ICD-10-CM Code S02.402

Zygomatic fracture, unspecified side

Version 2020 Non-Billable Code

Not Valid for Submission

S02.402 is a "header" nonspecific and non-billable code code, consider using a code with a higher level of specificity for a diagnosis of zygomatic fracture, unspecified side. The code is NOT valid for the year 2020 for the submission of HIPAA-covered transactions. The ICD-10-CM code S02.402 might also be used to specify conditions or terms like closed fracture of orbital portion of zygomatic bone, closed fracture of zygoma, closed fracture of zygomatic arch, closed fracture of zygomatic tripod, fracture of malar or maxillary bones, open, fracture of zygoma, etc

ICD-10:S02.402
Short Description:Zygomatic fracture, unspecified side
Long Description:Zygomatic fracture, unspecified side

Consider the following ICD-10 codes with a higher level of specificity:

  • S02.402A - ... initial encounter for closed fracture
  • S02.402B - ... initial encounter for open fracture
  • S02.402D - ... subsequent encounter for fracture with routine healing
  • S02.402G - ... subsequent encounter for fracture with delayed healing
  • S02.402K - ... subsequent encounter for fracture with nonunion
  • S02.402S - ... sequela

Index to Diseases and Injuries

The Index to Diseases and Injuries is an alphabetical listing of medical terms, with each term mapped to one or more ICD-10 code(s). The following references for the code S02.402 are found in the index:


Synonyms

The following clinical terms are approximate synonyms or lay terms that might be used to identify the correct diagnosis code:

  • Closed fracture of orbital portion of zygomatic bone
  • Closed fracture of zygoma
  • Closed fracture of zygomatic arch
  • Closed fracture of zygomatic tripod
  • Fracture of malar or maxillary bones, open
  • Fracture of zygoma
  • Fracture of zygomatic complex
  • Fracture of zygomatic process
  • Open fracture of naso orbital ethmoid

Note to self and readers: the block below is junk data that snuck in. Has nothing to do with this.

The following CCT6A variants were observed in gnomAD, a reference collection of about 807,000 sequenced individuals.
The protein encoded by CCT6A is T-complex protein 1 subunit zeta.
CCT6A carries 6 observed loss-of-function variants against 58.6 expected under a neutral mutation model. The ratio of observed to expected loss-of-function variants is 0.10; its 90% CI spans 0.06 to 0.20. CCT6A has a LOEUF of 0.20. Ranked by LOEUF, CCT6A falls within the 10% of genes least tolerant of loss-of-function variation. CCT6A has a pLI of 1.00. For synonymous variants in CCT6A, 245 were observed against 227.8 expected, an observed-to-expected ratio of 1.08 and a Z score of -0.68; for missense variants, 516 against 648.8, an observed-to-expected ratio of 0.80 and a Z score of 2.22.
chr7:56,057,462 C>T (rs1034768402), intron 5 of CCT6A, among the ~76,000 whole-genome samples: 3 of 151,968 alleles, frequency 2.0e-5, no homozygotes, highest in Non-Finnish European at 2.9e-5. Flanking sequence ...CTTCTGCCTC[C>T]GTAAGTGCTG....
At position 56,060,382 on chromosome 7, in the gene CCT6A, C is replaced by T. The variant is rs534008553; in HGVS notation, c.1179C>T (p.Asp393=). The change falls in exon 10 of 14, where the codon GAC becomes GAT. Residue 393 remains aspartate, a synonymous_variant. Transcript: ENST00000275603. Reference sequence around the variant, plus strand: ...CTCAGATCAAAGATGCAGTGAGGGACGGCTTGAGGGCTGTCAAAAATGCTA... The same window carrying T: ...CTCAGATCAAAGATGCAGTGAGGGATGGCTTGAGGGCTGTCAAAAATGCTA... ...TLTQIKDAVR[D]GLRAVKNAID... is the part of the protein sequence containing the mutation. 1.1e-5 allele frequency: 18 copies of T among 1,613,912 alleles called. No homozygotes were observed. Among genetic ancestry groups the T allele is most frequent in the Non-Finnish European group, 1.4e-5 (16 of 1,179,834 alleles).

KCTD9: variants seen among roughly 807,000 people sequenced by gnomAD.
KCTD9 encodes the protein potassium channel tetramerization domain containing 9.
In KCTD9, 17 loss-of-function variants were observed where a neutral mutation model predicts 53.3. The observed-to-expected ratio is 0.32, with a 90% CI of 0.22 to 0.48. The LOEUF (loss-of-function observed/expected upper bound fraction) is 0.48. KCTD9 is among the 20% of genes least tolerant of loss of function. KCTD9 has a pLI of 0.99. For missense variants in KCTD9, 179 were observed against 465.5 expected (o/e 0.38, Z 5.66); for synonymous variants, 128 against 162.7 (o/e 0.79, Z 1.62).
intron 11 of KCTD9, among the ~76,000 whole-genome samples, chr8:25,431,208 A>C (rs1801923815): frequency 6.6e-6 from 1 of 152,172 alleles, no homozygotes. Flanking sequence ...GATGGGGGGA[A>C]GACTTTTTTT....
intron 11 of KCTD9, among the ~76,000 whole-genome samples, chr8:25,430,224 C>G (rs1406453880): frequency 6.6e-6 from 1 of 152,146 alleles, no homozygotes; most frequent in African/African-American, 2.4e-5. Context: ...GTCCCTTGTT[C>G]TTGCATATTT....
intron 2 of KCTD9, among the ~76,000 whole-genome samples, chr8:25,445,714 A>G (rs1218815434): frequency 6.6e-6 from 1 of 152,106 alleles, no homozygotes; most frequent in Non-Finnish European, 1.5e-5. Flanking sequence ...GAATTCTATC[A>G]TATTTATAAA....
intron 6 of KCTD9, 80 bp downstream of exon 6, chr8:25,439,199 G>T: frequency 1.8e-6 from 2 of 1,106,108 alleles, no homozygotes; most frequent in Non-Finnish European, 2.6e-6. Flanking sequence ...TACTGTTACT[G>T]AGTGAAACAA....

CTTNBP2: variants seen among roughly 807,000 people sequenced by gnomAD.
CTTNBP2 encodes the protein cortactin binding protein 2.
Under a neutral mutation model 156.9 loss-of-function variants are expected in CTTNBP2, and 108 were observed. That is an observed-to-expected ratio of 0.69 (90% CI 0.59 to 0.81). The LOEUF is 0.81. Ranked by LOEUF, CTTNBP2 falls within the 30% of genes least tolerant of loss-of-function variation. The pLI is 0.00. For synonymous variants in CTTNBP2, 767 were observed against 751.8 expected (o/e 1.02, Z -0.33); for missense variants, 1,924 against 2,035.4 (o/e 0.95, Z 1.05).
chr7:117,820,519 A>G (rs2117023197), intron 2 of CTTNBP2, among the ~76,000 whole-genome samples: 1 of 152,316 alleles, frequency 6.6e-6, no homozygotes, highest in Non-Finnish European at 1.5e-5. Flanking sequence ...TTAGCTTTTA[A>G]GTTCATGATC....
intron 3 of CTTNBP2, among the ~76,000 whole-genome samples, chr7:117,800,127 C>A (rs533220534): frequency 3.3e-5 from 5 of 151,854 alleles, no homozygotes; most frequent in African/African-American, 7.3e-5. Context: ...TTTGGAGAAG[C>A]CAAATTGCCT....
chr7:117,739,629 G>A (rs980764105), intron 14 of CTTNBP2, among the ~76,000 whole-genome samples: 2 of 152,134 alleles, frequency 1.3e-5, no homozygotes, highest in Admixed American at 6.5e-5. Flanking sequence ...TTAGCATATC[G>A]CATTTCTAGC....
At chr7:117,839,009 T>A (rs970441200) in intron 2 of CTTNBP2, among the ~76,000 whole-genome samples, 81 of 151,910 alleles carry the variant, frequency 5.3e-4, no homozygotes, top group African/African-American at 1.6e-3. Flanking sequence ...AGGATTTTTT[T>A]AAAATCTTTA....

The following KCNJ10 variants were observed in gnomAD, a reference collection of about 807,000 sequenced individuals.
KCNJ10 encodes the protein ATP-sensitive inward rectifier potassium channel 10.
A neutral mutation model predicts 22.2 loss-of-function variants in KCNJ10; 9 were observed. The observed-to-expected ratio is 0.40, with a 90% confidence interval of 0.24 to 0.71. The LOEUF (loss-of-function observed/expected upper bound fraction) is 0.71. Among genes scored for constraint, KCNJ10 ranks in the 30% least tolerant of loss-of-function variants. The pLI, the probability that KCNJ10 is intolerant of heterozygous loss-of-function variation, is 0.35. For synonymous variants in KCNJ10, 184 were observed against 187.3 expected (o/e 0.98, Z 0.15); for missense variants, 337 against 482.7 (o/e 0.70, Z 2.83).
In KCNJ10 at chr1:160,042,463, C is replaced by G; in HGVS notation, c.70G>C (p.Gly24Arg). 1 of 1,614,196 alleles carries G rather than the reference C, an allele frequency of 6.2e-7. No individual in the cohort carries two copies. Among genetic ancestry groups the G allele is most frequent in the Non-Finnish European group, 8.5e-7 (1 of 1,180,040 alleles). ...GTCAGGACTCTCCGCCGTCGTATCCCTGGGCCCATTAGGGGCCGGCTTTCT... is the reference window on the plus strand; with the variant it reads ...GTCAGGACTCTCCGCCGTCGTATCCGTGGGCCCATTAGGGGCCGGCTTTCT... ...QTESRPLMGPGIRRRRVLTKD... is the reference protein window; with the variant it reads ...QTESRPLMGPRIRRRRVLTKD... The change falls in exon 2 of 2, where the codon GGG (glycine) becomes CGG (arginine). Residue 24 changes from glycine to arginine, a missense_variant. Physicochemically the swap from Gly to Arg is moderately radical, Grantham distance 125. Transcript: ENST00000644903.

• Open fracture of orbit
  • Open fracture of orbital portion of zygomatic bone
  • Open fracture of zygoma
  • Open fracture of zygomatic arch

Code Classification

  • Injury, poisoning and certain other consequences of external causes (S00–T98)
    • Injuries to the head (S00-S09)
      • Fracture of skull and facial bones (S02)

Code History

  • FY 2016 - New Code, effective from 10/1/2015 through 9/30/2016
    (First year ICD-10-CM implemented into the HIPAA code set)
  • FY 2017 - Code Updated, effective from 10/1/2016 through 9/30/2017
    • New Description: Zygomatic fracture, unspecified
    • Previous Description: Zygomatic fracture, unspecified
  • FY 2018 - No Change, effective from 10/1/2017 through 9/30/2018
  • FY 2019 - No Change, effective from 10/1/2018 through 9/30/2019
  • FY 2020 - No Change, effective from 10/1/2019 through 9/30/2020

Information for Patients


Facial Injuries and Disorders

Face injuries and disorders can cause pain and affect how you look. In severe cases, they can affect sight, speech, breathing and your ability to swallow. Broken bones, especially the bones of your nose, cheekbone and jaw, are common facial injuries.

Certain diseases also lead to facial disorders. For example, nerve diseases like trigeminal neuralgia or Bell's palsy sometimes cause facial pain, spasms and trouble with eye or facial movement. Birth defects can also affect the face. They can cause underdeveloped or unusually prominent facial features or a lack of facial expression. Cleft lip and palate are a common facial birth defect.


[Learn More]

Fractures

A fracture is a break, usually in a bone. If the broken bone punctures the skin, it is called an open or compound fracture. Fractures commonly happen because of car accidents, falls, or sports injuries. Other causes are low bone density and osteoporosis, which cause weakening of the bones. Overuse can cause stress fractures, which are very small cracks in the bone.

Symptoms of a fracture are

  • Intense pain
  • Deformity - the limb looks out of place
  • Swelling, bruising, or tenderness around the injury
  • Numbness and tingling
  • Problems moving a limb

You need to get medical care right away for any fracture. An x-ray can tell if your bone is broken. You may need to wear a cast or splint. Sometimes you need surgery to put in plates, pins or screws to keep the bone in place.


[Learn More]